More podcast goodness for your ears (and mind…)

We’ve had two cracking – a very different – episodes of the Bestseller Experiment recently. First up is a report from The Romantic Novelists’ Association conference in Leeds where I spoke to Rhoda Baxter, Nicola Cornick and Sheila Crighton (aka Annie O’Neil) about all sorts of love including instalust, passionate blur and the scale of hotness. And it was great to finally meet Rhoda Baxter (aka Jeevani Charika), who also proved the Lego image above! Listen to the podcast here.

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Rhoda (Jeevani) and me at the RNA

This week’s podcast features John McGhie, an investigative journalist who has worked for the BBC, Channel 4 News and the Observer. John and I met on Whitstable beach at the peak of the football world cup at what felt like a brief moment of optimism in an otherwise politically depressing 2018. We cheer ourselves up by talking about the historical atrocities chronicled in John’s excellent new book White Highlands! No, really, it’s a fascinating episode and we cover writing historical fiction in some detail. Listen here.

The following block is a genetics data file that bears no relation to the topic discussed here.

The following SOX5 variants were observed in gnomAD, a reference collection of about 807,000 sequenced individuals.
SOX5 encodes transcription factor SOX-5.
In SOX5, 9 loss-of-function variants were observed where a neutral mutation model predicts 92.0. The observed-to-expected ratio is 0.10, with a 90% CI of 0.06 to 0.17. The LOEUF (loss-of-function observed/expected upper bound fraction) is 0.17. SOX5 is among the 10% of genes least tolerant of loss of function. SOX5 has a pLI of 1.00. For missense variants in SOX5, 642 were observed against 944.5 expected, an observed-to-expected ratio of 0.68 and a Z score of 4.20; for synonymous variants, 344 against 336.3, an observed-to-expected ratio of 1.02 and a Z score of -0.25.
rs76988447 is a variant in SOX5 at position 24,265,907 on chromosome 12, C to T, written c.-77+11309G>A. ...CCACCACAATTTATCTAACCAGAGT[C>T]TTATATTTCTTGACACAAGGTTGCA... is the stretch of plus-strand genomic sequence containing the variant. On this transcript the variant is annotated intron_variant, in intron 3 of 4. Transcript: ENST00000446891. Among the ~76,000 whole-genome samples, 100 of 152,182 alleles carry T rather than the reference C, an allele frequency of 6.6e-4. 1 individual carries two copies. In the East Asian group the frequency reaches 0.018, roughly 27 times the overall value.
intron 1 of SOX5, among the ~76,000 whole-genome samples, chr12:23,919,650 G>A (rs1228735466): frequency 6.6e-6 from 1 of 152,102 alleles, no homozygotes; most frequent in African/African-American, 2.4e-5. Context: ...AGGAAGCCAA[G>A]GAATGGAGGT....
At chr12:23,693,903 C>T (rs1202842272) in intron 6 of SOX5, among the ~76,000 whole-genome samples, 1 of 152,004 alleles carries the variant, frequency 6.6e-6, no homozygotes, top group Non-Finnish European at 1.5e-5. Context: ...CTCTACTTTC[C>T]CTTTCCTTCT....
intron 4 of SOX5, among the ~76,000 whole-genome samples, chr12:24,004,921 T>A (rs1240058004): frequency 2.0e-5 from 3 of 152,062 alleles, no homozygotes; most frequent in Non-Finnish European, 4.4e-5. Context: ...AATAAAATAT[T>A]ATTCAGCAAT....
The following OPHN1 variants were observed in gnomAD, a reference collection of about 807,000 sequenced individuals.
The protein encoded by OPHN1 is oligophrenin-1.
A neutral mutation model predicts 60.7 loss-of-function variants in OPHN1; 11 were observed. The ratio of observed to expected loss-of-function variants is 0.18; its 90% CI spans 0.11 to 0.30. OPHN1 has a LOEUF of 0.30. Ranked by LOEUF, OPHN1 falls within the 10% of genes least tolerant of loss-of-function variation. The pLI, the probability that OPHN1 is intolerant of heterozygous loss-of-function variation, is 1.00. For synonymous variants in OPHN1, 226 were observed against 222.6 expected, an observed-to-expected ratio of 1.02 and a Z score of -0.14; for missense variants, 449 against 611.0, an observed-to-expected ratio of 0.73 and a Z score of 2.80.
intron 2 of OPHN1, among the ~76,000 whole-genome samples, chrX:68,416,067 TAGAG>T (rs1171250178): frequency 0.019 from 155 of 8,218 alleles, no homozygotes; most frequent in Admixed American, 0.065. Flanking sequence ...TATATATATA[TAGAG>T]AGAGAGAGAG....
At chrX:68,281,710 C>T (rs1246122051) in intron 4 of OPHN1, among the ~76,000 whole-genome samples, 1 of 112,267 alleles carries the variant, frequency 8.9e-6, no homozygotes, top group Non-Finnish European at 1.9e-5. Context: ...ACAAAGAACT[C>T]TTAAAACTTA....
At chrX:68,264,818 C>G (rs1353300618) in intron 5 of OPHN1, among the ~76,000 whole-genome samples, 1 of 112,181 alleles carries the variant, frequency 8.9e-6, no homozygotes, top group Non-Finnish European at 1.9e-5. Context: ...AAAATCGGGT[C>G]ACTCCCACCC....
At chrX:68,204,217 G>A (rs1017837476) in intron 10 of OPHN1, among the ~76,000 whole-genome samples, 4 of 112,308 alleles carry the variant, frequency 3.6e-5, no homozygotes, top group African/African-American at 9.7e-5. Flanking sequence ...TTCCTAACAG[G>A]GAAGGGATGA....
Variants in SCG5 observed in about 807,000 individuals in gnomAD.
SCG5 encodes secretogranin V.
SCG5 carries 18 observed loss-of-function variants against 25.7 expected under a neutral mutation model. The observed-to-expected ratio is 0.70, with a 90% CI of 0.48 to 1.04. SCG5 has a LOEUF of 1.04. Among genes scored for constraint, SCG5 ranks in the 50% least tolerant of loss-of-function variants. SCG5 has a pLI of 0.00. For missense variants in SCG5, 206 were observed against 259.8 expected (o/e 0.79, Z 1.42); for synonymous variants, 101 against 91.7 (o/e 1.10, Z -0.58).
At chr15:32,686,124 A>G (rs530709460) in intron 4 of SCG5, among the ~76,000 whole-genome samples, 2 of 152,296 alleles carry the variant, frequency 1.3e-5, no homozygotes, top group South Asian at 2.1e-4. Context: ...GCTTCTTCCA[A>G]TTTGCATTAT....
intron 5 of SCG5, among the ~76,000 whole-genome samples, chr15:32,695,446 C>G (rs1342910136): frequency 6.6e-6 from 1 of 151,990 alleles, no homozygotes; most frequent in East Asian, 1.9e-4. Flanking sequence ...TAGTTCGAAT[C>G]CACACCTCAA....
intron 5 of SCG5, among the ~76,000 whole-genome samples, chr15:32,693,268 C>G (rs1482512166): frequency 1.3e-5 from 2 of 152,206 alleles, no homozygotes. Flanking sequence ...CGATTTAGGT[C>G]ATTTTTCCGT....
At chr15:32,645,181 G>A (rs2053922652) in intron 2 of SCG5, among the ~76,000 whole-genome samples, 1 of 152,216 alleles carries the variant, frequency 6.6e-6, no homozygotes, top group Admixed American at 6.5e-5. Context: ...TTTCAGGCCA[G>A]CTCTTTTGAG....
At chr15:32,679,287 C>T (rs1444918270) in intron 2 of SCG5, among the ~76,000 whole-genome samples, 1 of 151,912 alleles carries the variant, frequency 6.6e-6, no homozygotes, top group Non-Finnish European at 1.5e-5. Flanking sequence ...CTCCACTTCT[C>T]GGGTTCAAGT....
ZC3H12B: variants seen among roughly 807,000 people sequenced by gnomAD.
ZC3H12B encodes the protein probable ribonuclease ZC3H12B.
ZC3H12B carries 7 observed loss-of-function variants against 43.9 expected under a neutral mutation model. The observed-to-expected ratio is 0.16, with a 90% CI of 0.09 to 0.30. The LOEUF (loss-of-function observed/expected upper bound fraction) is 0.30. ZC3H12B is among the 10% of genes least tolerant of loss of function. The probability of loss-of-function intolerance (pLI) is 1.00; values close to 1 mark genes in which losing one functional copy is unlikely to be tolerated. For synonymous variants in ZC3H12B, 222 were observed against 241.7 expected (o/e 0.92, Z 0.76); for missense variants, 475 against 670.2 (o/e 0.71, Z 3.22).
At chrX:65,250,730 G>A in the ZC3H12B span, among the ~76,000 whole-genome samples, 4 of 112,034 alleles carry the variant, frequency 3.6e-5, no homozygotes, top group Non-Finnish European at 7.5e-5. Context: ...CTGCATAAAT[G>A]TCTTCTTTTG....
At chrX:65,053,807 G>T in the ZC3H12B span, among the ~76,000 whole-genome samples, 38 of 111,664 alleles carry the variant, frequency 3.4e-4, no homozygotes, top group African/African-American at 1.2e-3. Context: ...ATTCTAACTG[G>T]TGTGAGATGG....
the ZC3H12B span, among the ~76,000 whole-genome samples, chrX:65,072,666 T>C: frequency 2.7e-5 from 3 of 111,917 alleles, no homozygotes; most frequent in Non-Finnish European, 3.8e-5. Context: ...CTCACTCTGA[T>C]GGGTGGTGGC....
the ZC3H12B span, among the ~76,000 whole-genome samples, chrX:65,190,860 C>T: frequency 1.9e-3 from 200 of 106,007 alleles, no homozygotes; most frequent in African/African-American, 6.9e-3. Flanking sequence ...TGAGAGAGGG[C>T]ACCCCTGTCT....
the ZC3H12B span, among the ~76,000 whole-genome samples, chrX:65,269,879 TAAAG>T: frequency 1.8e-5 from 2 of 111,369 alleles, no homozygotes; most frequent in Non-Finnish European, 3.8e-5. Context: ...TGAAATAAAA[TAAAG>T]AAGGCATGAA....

And if you want to know more, the documentary that inspired John’s book can be seen here…

And last but by no means least I was once again on the Dominic King show on BBC Radio Kent in the conversation slot. We chatted about YALC, YA fiction, The End of Magic, podcasts, soundtracks and I even wheel out my Sean Connery impression. You can listen here and for my bit skip forwards to 2 hours and 11 minutes…

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Here are links to stuff I talk about on the shows below…

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Put these in your ears…

Safer than Q-tips and a lot more educational and edifying, you can hear me waffle on not one, not two, but three podcasts this week!

First up, of course, is the Bestseller Experiment where I speak to the wonderful Pernille Hughes about her road to publication, why she shared a photocopier with La-La the Teletubby, and we play a game called ‘Getting to know you’ where there are no right answers. You can listen here.